Charl Schwartzel, of South Africa, reacts after making birdie on No. 18 to win during Sunday's final round of the Masters Golf Tournament at Augusta National, Sunday, April 10, 2011, in Augusta, Ga. Rainier Ehrhardt/Staff

Tiger Woods walks along the water on No. 16 during Sunday's final round for the Masters Golf Tournament at the Augusta National Golf Club, Sunday, April 10, 2011, in Augusta, Ga. Rainier Ehrhardt/Staff

22
Mar
11

Sebring

No matter how hard I try to fight it, I’m a motorsports photographer at heart.  Always have been, always will be.  Sure I work at a newspaper to pay the bills, but in a perfect world I’d be out shooting cars and the people who make them go.

Last weekend was the 59th Sebring 12 Hours in Sebring, Florida.  It’s run on an old WWII airfield using two cement runways connected by 11 or so corners paved sometime in the 50s.  To say that it’s bumpy is an understatement, and I’m convinced it’s (only) 12 hours and not 24, like its Le Mans counterpart, because of how grueling it really is.  It’s always been said that if a team, driver, car can make it at Sebring, it can make it at Le Mans.

Below are a few of my favorite images from the weekend.  Oddly enough, the French team I translate press releases for won the whole thing.  Their first overall victory at Sebring and it was great fun to see them celebrate so much.

This year, I was big into using other people’s flashes to my advantage.  We were also lucky enough to get the famous sunset on the front straight.  And since we were two photographers for Motorsport.com, it gave me the freedom to do something different rather than play it safe.  I think this might be my best take from a race so far in my 11 year motorsport career.  Enjoy.

Over 190 American Le Mans Series drivers pose for a photoshoot before the 12 Hours of Sebring, Tuesday, March 15, 2011, in Sebring, Florida.

Oreca driver NICOLAS LAPIERRE drives the Peugeot 908 during practice for the 12 Hours of Sebring, Thursday, March 17, 2011, in Sebring, Florida.

Rebellion Toyota Racing driver NICOLAS PROST looks on during testing for the 12 Hours of Sebring, Monday, March 14, 2011, in Sebring, Florida.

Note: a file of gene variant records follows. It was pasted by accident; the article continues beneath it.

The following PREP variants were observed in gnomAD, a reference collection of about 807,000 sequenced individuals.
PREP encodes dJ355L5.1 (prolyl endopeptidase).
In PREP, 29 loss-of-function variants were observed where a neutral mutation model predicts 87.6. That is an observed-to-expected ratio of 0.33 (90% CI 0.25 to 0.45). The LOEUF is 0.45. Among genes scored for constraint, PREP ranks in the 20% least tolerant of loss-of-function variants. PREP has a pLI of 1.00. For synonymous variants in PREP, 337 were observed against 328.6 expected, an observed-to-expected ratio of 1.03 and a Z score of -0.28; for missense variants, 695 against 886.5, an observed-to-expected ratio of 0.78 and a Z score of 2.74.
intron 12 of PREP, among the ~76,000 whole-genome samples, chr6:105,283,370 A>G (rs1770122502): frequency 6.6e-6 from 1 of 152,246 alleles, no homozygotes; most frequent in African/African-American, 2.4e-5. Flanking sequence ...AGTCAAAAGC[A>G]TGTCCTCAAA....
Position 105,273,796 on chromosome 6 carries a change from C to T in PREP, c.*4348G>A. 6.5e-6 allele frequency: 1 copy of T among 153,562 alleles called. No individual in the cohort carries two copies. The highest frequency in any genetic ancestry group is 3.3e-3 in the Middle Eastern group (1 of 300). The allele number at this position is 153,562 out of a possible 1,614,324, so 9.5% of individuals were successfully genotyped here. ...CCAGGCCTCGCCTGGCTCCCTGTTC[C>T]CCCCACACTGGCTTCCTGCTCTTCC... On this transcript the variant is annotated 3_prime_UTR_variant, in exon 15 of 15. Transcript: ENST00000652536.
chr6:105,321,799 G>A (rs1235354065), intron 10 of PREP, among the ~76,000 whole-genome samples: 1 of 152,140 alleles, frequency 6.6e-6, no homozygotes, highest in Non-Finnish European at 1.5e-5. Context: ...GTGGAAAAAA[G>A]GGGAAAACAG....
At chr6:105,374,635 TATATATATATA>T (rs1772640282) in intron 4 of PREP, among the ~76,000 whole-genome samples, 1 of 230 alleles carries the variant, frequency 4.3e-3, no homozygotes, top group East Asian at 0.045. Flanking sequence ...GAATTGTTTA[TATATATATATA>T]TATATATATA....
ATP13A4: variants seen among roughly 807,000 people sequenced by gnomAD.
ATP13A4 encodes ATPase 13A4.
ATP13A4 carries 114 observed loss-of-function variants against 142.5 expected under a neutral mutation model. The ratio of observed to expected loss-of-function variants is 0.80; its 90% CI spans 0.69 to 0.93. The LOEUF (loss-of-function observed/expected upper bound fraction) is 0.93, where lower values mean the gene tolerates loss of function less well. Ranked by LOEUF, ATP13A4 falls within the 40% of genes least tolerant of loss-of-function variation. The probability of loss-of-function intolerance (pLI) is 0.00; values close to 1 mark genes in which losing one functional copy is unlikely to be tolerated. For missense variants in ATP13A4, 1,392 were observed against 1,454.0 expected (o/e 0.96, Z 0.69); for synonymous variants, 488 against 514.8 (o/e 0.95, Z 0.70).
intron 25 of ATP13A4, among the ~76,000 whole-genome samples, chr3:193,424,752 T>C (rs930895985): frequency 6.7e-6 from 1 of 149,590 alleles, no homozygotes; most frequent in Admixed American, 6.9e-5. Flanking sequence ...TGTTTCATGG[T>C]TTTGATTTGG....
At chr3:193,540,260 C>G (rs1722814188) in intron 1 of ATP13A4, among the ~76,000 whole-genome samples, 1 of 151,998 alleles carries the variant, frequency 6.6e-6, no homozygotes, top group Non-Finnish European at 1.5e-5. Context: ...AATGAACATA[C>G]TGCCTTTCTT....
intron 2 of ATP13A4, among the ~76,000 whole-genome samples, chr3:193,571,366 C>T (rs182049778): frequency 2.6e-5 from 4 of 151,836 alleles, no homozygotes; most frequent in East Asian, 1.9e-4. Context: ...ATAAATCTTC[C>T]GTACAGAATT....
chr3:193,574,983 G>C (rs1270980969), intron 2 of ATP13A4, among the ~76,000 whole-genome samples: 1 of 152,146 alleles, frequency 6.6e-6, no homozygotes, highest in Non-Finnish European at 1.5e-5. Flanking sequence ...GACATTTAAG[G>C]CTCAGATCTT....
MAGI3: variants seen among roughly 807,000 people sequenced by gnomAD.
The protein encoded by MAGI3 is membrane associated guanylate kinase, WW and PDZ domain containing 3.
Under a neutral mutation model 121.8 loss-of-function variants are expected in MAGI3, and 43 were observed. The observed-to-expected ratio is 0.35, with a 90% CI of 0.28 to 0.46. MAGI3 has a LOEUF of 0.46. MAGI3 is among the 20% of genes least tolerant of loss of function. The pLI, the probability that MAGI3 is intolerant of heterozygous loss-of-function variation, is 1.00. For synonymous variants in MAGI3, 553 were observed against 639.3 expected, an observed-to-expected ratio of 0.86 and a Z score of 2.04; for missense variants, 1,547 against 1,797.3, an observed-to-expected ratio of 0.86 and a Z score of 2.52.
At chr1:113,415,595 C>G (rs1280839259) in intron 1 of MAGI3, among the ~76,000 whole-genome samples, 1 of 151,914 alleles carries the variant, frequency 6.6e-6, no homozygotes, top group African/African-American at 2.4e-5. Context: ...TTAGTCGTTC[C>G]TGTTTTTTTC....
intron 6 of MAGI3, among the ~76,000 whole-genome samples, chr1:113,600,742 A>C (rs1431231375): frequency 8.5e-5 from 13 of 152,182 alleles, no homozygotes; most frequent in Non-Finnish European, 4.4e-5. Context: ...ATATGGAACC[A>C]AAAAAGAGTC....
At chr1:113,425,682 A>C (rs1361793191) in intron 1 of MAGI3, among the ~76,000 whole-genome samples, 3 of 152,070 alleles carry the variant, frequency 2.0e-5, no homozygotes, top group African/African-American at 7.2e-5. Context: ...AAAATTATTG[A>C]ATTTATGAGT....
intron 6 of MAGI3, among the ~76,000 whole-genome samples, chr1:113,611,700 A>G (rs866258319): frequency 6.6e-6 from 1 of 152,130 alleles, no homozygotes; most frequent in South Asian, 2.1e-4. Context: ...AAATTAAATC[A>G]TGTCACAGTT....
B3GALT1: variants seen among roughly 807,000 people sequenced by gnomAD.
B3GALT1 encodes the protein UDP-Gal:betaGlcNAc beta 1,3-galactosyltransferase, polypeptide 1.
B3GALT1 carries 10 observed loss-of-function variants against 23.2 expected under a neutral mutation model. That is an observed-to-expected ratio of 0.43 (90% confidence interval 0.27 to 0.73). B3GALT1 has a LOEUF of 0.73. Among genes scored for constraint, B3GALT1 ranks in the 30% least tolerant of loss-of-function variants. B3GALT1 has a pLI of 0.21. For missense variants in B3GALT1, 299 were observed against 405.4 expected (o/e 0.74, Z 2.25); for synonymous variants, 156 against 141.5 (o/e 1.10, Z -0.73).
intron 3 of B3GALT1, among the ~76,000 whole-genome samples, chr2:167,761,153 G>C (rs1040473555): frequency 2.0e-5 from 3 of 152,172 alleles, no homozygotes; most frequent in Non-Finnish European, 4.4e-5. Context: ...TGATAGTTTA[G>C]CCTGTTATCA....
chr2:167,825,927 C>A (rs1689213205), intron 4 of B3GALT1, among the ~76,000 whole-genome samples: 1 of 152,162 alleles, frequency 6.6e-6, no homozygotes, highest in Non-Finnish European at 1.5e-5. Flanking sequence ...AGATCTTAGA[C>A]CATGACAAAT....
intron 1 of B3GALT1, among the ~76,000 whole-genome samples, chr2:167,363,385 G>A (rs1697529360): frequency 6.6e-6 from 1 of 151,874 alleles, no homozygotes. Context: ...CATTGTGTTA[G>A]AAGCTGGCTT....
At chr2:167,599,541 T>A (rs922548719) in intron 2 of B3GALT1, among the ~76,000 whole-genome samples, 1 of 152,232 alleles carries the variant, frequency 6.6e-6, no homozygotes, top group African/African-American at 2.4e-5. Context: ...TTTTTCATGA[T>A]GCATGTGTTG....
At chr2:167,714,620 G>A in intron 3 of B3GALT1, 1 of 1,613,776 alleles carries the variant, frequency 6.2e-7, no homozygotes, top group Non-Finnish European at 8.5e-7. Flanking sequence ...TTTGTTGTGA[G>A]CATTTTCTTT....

Corvette driver JAN MAGNUSSEN, of Denmark, looks on during practice for the 12 Hours of Sebring, Thursday, March 17, 2011, in Sebring, Florida.

BMW Motorsport BMW M3 GT: ANDY PRIAULX, DIRK MULLER, JOEY HAND during night practice for the 12 Hours of Sebring, Thursday, March 17, 2011, in Sebring, Florida.

Audi Sport driver MIKE ROCKENFELLER, of Germany, drives the R15 Plus during night practice for the 12 Hours of Sebring, Thursday, March 17, 2011, in Sebring, Florida.

Mar 18, 2011 - Sebring, Florida, U.S. Patron Ferrari driver DOMINIK FARNBACHER, of Germany, poses with a drawing of his F458 during an autograph session for the 12 Hours of Sebring.

Mar 19, 2011 - Sebring, Florida, U.S. Peugeot driver ANTHONY DAVIDSON, of England, drives the 908 during warmup for the 12 Hours of Sebring.

The infamous cracks in the cement during testing for the 12 Hours of Sebring, Monday, March 14, 2011, in Sebring, Florida.

Oreca driver NICOLAS LAPIERRE, of France, drives the Peugeot 908 during night practice for the 12 Hours of Sebring, Thursday, March 17, 2011, in Sebring, Florida.

Mar 19, 2011 - Sebring, Florida, U.S. Peugeot driver FRANCK MONTAGNY, of France, leads the field at the start of the 12 Hours of Sebring.

Peugeot driver PEDRO LAMY, of Portugal, waits during practice for the 12 Hours of Sebring, Thursday, March 17, 2011, in Sebring, Florida.

Mar 19, 2011 - Sebring, Florida, U.S. The sun sets on the front straight during the 12 Hours of Sebring.

Mar 19, 2011 - Sebring, Florida, U.S. Oreca Peugeot driver LOIC DUVAL, of France, waits for the team's final pit stop during the 12 Hours of Sebring.

From left, Oreca technical director DAVID FLOURY, team principal HUGUES DE CHAUNAC, and driver OLIVIER PANIS, celebrate after winning the 12 Hours of Sebring.

Mar 19, 2011 - Sebring, Florida, U.S. Oreca Peugeot driver LOIC DUVAL is carried away from his car after winning the 12 Hours of Sebring.

Mar 19, 2011 - Sebring, Florida, U.S. Overall winners, from left, NICOLAS LAPIERRE, team principal HUGUES DE CHAUNAC, OLIVIER PANIS and LOIC DUVAL celebrate during podium celebrations at the 12 Hours of Sebring.

-RAE

www.rainier-ehrhardt.com